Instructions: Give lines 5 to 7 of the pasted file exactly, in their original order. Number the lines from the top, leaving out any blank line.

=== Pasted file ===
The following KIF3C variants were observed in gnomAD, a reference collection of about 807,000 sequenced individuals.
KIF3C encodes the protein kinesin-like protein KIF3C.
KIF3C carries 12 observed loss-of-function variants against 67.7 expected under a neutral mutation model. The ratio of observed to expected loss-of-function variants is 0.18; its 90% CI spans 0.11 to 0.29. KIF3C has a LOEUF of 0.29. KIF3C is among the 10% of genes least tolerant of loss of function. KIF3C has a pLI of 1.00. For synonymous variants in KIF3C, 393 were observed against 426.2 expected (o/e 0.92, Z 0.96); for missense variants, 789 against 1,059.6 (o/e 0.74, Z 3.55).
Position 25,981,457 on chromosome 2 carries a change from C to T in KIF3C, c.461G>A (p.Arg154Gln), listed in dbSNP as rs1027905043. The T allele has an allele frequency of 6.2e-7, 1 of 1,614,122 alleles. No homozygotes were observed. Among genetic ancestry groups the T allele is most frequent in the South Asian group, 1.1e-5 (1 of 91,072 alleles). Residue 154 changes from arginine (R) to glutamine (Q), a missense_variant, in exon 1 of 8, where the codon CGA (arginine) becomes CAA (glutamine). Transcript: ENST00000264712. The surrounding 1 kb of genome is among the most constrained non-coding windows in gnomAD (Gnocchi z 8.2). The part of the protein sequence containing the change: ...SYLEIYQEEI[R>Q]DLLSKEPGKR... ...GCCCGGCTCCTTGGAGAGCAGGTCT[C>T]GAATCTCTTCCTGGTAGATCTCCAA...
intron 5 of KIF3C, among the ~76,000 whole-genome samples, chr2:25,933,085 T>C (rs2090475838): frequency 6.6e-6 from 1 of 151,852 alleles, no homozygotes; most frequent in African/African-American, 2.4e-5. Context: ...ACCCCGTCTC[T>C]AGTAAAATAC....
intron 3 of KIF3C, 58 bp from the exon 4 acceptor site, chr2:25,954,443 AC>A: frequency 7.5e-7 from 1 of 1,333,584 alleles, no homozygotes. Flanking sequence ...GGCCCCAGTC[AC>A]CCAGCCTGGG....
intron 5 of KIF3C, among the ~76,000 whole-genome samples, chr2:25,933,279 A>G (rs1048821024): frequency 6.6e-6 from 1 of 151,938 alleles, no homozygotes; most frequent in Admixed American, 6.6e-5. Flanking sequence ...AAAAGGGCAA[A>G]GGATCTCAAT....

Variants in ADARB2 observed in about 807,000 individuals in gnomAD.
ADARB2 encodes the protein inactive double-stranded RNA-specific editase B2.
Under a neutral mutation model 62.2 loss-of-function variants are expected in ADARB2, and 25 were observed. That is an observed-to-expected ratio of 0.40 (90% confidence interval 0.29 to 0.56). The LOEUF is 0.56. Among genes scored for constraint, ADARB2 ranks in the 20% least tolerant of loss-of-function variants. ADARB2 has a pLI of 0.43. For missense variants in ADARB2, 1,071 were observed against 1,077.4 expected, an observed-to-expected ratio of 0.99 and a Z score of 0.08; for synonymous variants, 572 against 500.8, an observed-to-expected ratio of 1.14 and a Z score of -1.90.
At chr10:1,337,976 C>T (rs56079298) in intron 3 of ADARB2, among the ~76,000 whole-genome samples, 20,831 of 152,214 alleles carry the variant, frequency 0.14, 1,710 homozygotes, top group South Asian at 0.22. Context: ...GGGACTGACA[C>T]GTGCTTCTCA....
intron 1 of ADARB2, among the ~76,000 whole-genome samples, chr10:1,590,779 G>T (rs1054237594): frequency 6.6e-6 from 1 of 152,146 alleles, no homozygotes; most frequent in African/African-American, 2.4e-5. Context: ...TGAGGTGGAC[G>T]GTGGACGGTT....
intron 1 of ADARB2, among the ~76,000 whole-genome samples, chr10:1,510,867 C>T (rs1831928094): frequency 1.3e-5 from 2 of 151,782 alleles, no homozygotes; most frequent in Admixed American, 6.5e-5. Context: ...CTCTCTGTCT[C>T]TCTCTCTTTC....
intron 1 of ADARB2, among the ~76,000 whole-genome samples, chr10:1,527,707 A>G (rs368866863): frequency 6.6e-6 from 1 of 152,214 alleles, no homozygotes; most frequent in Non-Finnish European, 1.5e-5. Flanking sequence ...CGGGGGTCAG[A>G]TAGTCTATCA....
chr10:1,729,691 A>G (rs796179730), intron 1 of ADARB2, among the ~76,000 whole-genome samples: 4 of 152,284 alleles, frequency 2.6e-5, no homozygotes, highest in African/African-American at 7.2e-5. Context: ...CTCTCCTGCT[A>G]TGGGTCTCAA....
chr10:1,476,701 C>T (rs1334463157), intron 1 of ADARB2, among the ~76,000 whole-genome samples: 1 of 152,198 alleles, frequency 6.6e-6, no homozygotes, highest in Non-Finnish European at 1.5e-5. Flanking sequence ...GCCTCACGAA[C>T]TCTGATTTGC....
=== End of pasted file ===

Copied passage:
intron 5 of KIF3C, among the ~76,000 whole-genome samples, chr2:25,933,085 T>C (rs2090475838): frequency 6.6e-6 from 1 of 151,852 alleles, no homozygotes; most frequent in African/African-American, 2.4e-5. Context: ...ACCCCGTCTC[T>C]AGTAAAATAC....
intron 3 of KIF3C, 58 bp from the exon 4 acceptor site, chr2:25,954,443 AC>A: frequency 7.5e-7 from 1 of 1,333,584 alleles, no homozygotes. Flanking sequence ...GGCCCCAGTC[AC>A]CCAGCCTGGG....
intron 5 of KIF3C, among the ~76,000 whole-genome samples, chr2:25,933,279 A>G (rs1048821024): frequency 6.6e-6 from 1 of 151,938 alleles, no homozygotes; most frequent in Admixed American, 6.6e-5. Flanking sequence ...AAAAGGGCAA[A>G]GGATCTCAAT....